The 51V NMR titration at pH 9.5 is shown in Figure 3 (for the corresponding spectra recorded at pH 7.6 and 8.5 see Supporting Information File 1). The addition of Zn-benzylcyclene 1 leads to an upfield shift of the monovanadate and the divanadate signal at all pH values that were investigated. This shift indicates that Zn-benzylcyclene 1 is capable of complexing both mono- and divanadate. The monovanadate signal remains the main signal throughout the titrations, however, the signal of the divanadate increases upon addition of Zn-benzylcyclene. By raising the concentration of benzylcyclene 1t from 0 to 7.5 mM in a system with a total concentration of vanadium [V]t of 1.5 mM at a pH value of 9.5, the ratio of vanadium bound in divanadate species rises from 5% to 23%, while the ratio of vanadium bound in monovanadate decreases from 95% to 77%. Hence, Zn-benzylcyclene 1 favors the condensation of monovanadate to divanadate.

To determine the stoichiometry and stability of the most important species in this system, we included all vanadate oxo-anions that are known to exist in aqueous solution [20,21] and the corresponding complexes with ligand 1 in different stoichiometries as basis of a complex formation model. This model was refined with respect to the experimental data.

In the approach mentioned above, the equilibria of the multi component system were described mathematically by mass balance equations. When the equilibrium species are written with H+, VO43−, and Zn-benzylcyclene 1 as components, they are formed according to the general expression (Equation 1) [21]:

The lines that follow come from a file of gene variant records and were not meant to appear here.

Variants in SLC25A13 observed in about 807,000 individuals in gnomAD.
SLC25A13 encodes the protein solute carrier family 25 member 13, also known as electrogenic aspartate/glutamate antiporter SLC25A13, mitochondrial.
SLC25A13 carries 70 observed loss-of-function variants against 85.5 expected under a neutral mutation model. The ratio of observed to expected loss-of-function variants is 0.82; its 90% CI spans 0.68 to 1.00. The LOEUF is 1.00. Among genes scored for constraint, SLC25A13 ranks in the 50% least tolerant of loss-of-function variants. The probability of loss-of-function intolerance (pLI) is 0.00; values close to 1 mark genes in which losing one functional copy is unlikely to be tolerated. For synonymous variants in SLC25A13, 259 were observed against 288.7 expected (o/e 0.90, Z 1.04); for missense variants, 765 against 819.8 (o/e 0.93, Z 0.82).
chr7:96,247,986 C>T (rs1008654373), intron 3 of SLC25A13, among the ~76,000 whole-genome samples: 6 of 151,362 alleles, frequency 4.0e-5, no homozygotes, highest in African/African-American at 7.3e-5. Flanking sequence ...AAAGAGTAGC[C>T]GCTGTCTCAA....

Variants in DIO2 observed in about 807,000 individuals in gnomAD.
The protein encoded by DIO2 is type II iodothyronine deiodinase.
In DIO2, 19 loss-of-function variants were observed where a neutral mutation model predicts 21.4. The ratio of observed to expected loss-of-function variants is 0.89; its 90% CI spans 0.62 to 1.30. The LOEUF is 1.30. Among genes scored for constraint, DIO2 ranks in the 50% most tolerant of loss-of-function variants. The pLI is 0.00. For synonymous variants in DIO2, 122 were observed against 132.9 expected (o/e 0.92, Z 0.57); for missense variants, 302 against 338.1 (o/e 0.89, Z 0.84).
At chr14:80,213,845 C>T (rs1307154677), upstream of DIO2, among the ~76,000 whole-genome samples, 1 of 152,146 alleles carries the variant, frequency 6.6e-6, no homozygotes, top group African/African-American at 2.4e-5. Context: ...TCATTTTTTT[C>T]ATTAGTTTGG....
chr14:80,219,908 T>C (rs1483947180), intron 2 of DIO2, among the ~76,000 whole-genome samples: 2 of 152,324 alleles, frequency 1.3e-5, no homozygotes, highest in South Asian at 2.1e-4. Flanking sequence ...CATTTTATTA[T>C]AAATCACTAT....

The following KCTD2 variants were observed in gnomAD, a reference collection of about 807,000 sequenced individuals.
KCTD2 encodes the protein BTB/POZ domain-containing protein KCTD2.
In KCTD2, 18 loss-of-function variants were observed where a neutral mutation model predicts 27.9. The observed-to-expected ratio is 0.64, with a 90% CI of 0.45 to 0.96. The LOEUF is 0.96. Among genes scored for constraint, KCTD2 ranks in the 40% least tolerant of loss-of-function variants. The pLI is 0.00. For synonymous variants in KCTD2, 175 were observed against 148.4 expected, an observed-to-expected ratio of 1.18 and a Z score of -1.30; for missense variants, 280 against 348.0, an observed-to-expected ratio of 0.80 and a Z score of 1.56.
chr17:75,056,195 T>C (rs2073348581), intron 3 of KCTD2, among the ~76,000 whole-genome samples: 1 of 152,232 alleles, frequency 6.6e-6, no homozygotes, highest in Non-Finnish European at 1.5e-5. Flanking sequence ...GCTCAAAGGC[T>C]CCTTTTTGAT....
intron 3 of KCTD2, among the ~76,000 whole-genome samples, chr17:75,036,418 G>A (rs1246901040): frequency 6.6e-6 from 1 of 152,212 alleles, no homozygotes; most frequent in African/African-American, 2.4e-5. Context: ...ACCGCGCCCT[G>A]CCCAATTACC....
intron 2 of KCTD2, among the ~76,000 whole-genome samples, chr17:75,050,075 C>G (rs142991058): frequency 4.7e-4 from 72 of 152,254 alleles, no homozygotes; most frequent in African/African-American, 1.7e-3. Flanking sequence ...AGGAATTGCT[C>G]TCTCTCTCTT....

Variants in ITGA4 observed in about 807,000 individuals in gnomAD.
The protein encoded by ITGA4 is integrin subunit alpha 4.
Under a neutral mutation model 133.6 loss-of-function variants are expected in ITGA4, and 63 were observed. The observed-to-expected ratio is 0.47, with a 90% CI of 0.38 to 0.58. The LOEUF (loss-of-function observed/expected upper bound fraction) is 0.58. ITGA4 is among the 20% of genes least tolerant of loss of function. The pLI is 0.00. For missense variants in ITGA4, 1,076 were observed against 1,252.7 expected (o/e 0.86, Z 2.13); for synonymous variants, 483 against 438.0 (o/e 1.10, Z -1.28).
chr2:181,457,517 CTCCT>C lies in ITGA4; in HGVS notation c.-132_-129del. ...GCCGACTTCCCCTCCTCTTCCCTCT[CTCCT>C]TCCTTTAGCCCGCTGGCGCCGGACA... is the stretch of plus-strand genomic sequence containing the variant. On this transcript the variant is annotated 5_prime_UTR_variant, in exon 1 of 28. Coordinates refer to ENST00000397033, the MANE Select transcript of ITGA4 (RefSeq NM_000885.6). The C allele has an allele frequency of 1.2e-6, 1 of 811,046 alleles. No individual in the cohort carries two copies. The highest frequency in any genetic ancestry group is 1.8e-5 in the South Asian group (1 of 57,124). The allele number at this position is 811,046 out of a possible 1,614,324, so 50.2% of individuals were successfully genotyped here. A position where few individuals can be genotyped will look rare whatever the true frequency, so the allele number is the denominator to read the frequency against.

[1860-5397-8-8-i1]
(1)

The formation constants of the species βpqr are defined using the concentrations of 1, VO43− and of the protons according to Equation 2.

[1860-5397-8-8-i2]
(2)

The substitution of the complex species concentration in the mass balances of the components leads to the mass balance equation system (3). The concentrations of the free components are the variables; the stability constants are the parameters to be optimized.

[1860-5397-8-8-i3]
(3)

In the 51V NMR titrations for the analysis of the vanadate/Zn-benzylcyclene system the total vanadium concentration [V]t at each pH value was 1.5 mM, and the total concentration of 1 ([1]t) was varied from 0 to 7.5 mM. The NMR data were obtained by careful deconvolution and integration of the signals using routines included in the MestreNova program [22]. The mathematical analysis of the NMR data was performed with the program system LAKE [23] for chemical equilibrium analysis and with MS-Excel [24]. Data of all titrations (78 titration points in total) were included in the calculation. The formation constants for the vanadium oxo-anions of the VO43−/H+-subsystem [21], the pKa value of Zn-benzylcyclene 1 [14] as well as the pKa values of the buffers [25] were adopted from literature. The influence of the ionic medium was taken into account in the calculation by means of the Davies equation [26]. The most important ternary species in the equilibrium model that fit the recorded data are presented in Table 1.

Table 1: Stoichiometry and formation constants of the complex species in the proton/vanadium/Zn benzylcyclene system.

p, q, ra formulab lg βpqrc (3σ)
1, 1, 1 HVO41 16.7 (0.3)
2, 2, 1 V2O712− 32.2 (0.1)
2, 2, 2 V2O712 35.7 (0.8)
3, 2, 1 HV2O71 40.6 (0.3)
3, 2, 2 HV2O7122+ 43.6 (0.4)
8, 4, 2 V4O1212 99.9 (0.7)
8, 4, 4 V4O12144+ 105.6 (1.8)

aStoichiometric coefficients according to the formation from the components H+, VO43− and 1 (Equation 1); bformula of the oxo-anion complex. The water formed according to the formation reaction from the components is not given; cionic strength, I = 150 mM, T = 298 K.